During the wastewater treatment process, the water is cleaned with the help of gravity and microorganisms which try to digest some of the organic waste in the water. Wastewater influent comes into the treatment center and flows into a series of large tanks which widen allowing the water to slow down and allowing a thick sludge to settle out. This technique isn't the only one used to clean the water, but it's enough to give you an idea of what some of the problems with wastewater treatment. Namely once the water is cleaned, there is a whole lot of sludge that has to be dealt with. To some degree the sludge can be digested aerobically and then anaerobically by microorganisms, but to really digest the stuff well would take a long time. So DELCORA burns the sludge that it removes from the sewage and wastewater.
When DELCORA burns the sludge it emits some of the same pollutants as Westinghouse. Namely HCl, sulfur oxides, nitrous oxides, dioxins, volatile organic compounds and others. However, the most serious pollutant from DELCORA is arsenic. A 1995 EPA risk-assessment study found arsenic levels in Chester to be unsafe and they traced the high levels of arsenic to DELCORA.
Keep in mind again that the waste treated in Chester isn't simply Chester's waste. In DELCORA's case the wastewater is coming from all over Delaware County and industries like Scott Paper, Sunoco and BP. Furthermore, when it comes to sludge DELCORA burns the sludge from four other wastewater facilities in addition to the sludge it produces.

Thermal Pure Industries
The newest waste treatment facility to begin operating in Chester is Thermal Pure Systems, an infectious medical waste treatment facility which treats waste coming from hospitals, morgues, doctors' offices and veterinarians. The waste treated include body parts, bloody bandages, syringes; anything that is considered a biohazard.
Thermal Pure is an autoclave and autoclaving is a relatively new industry with few regulations. Autoclaving sterilizes infectious medical waste using steam and pressure so the waste can either be landfilled or incinerated.
When you say sterilization, Thermal Pure doesn't sound all that bad. In fact the gentleman who operates Thermal Pure is fond of saying that it's just like sterilizing baby bottles, the only pollution is steam. However, what we do know about Thermal Pure, is the way they operate.
An example of this came last July when something broke in the Thermal Pure Facility and they were forced to shut down one of their boilers. Thermal Pure left 33 trucks of infectious medical waste to sit, outside, unrefrigerated, in the July sun for four days. It isn't legal to keep infectious medical waste outside and unrefrigerated for more than 24 hours. Furthermore, whenever Thermal Pure goes off-line they're supposed to notify DEP, the Department of Environmental Protection, which they never did. The only way DEP found out was from residents repeatedly calling them telling them they had to send someone down to find out what was going on.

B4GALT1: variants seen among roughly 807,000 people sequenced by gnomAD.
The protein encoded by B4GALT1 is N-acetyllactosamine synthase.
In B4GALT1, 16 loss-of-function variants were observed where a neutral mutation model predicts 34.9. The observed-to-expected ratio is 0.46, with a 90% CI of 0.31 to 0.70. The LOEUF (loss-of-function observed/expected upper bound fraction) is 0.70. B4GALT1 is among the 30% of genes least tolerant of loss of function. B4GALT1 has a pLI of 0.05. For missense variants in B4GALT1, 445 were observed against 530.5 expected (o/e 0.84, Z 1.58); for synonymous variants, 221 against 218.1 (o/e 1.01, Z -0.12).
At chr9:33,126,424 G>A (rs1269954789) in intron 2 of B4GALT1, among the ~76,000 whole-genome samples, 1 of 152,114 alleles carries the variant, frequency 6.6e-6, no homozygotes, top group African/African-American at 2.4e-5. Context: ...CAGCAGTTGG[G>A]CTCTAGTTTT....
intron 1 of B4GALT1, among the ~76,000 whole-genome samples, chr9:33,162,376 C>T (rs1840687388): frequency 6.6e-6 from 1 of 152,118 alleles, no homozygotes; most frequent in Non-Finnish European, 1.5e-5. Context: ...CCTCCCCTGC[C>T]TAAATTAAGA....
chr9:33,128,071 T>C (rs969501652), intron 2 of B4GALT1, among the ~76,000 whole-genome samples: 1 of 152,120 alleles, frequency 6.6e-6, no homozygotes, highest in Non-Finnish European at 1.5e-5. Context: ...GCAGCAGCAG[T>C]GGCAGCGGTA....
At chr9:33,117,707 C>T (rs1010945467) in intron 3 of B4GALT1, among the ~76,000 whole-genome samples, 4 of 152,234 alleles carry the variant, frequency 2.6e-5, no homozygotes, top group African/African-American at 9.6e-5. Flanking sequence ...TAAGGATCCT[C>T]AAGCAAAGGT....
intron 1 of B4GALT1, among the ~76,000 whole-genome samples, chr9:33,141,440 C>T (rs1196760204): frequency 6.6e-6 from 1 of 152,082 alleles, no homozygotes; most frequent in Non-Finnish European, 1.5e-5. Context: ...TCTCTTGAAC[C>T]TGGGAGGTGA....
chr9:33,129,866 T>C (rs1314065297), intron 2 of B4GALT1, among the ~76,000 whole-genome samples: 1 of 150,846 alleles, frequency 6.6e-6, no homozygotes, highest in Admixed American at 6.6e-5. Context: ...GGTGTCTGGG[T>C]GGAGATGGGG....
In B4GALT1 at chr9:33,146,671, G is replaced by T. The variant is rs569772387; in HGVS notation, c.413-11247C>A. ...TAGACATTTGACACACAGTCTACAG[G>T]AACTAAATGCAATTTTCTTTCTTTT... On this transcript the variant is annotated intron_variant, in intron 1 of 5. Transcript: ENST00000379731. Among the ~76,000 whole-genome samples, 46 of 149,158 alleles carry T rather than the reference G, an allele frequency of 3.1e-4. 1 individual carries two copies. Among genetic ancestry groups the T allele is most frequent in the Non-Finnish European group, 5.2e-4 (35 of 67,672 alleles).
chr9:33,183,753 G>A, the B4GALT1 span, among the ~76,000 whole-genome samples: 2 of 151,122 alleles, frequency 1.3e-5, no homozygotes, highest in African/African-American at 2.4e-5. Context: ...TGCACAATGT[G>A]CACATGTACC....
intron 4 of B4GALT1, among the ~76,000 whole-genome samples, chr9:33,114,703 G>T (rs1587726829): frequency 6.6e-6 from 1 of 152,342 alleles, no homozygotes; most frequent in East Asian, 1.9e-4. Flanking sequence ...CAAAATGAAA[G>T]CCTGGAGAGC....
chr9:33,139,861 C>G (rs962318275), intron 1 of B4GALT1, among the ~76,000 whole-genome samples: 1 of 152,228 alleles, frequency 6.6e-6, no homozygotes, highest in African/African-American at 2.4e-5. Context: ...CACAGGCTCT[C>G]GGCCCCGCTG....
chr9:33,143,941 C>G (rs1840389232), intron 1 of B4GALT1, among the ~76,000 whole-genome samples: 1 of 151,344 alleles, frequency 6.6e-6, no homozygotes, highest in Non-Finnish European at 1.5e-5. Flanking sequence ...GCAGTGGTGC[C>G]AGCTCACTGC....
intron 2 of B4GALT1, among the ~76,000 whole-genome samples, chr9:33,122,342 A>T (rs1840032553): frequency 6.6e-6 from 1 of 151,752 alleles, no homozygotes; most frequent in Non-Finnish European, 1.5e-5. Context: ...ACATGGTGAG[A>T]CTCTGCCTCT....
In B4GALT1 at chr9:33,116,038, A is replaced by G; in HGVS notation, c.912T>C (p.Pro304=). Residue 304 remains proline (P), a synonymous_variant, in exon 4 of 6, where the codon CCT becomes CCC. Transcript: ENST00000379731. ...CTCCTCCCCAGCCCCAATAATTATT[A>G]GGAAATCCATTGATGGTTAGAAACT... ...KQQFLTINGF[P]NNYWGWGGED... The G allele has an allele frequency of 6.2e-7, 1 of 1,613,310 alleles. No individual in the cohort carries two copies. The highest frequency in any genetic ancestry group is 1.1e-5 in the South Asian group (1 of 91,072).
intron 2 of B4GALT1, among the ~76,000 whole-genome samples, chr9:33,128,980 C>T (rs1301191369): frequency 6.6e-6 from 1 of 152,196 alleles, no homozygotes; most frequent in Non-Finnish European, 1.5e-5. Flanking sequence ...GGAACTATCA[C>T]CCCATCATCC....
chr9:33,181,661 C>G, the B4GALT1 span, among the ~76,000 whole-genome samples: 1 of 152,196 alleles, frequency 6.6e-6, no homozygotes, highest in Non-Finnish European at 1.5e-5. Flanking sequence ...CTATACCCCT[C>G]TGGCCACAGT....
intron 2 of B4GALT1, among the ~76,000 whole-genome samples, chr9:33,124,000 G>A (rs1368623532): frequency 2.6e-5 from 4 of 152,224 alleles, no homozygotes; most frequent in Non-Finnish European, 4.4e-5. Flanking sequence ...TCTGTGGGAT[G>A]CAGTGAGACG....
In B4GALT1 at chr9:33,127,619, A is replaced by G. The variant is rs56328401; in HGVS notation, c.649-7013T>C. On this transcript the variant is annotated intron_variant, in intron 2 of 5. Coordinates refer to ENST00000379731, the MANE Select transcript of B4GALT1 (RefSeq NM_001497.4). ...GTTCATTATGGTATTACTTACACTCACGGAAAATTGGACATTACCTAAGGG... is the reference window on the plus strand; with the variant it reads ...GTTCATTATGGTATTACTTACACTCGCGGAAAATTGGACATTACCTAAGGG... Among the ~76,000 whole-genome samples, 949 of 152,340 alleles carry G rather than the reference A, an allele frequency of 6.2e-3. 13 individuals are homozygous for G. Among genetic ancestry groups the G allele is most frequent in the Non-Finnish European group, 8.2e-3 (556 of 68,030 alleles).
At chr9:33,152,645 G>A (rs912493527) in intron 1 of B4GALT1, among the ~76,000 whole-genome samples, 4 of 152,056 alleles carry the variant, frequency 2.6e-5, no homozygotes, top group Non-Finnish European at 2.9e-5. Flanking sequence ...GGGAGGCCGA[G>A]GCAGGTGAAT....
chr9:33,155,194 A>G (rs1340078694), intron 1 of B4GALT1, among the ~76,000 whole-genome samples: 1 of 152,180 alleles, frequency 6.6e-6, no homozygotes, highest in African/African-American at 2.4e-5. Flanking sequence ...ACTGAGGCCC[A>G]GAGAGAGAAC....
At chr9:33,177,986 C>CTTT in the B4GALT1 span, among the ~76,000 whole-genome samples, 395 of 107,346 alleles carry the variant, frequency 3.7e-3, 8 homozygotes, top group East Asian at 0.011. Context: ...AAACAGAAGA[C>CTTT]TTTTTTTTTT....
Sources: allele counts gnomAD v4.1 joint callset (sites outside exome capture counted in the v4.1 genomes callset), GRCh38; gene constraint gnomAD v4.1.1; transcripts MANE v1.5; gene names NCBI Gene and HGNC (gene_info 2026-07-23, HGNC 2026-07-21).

Because of this incident Thermal Pure, which has the capacity to treat 288 tons of infectious medical waste per day, is temporarily limited to treating 15 tons per day.

Soil Remediation Services
At this point, it should be clear that Chester has more than its share of waste and more than its share of waste treatment facilities. Unfortunately the Department of Environmental Protection just went ahead and permitted another facility, Soil Remediation Services, to come to Chester.
What SRS plans to do if they're allowed to is to treat 900 tons of petroleum contaminated soil each day at very high temperatures in order to "burn off" contaminants so the soil can be landfilled.
One of the problems with SRS if they are allowed to begin operating would be that "petroleum contaminated soil" is a very expansive term. Depending on what grade of petroleum the soil is contaminated with, there will be different pollutants emitted when the soil is burned. A list of the expected pollutants include particulate matter, carbon monoxide, nitrogen oxides, sulfur dioxide, volatile organic compounds, benzene, toluene and benzo (a) pyrene. As you can see these will only add to the levels already emitted from Westinghouse and DELCORA.

Cherokee Environmental Group
And, unless something is done, it doesn't appear that SRS will be the last facility to come to Chester. Right now, another group, the Cherokee Environmental Group has applied to for a permit to process 960 tons of contaminated soil per day. Cherokee proposes to use a process called "bio-remediation" where they will use micro-organisms to digest the contaminants in the soil. The biggest problem with permitting Cherokee is that it means another 960 tons of contamination coming into Chester each day and if the industries that are already in Chester are any indication, it also means one more poorly operated waste treatment facility.
So there are about as many pollution problems in Chester as there are waste treatment facilities. At the most basic level, you can look at Chester and see that 3 of the largest waste treatment facilities in the nation have located almost right on top of each other and right on top of one of the most densely populated residential areas in Pennsylvania. Before these facilities even got to Chester, there were heavily polluting industries. Now these facilities are bringing hundreds of tons of trash into Chester each day and adding to that pollution. Another thing to keep in mind is that many of the pollutants are common to more than one facility and because the facilities are so close together, there are serious concerns about cumulative levels of pollution. Finally, even for heavy polluting industries, these facilities are poorly operated. There have been many examples of this from each facilities. To continue to site more and more waste treatment facilities in Chester only adds to very serious health and safety risks already posed by existing facilities.

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Last modified: 26 January 1999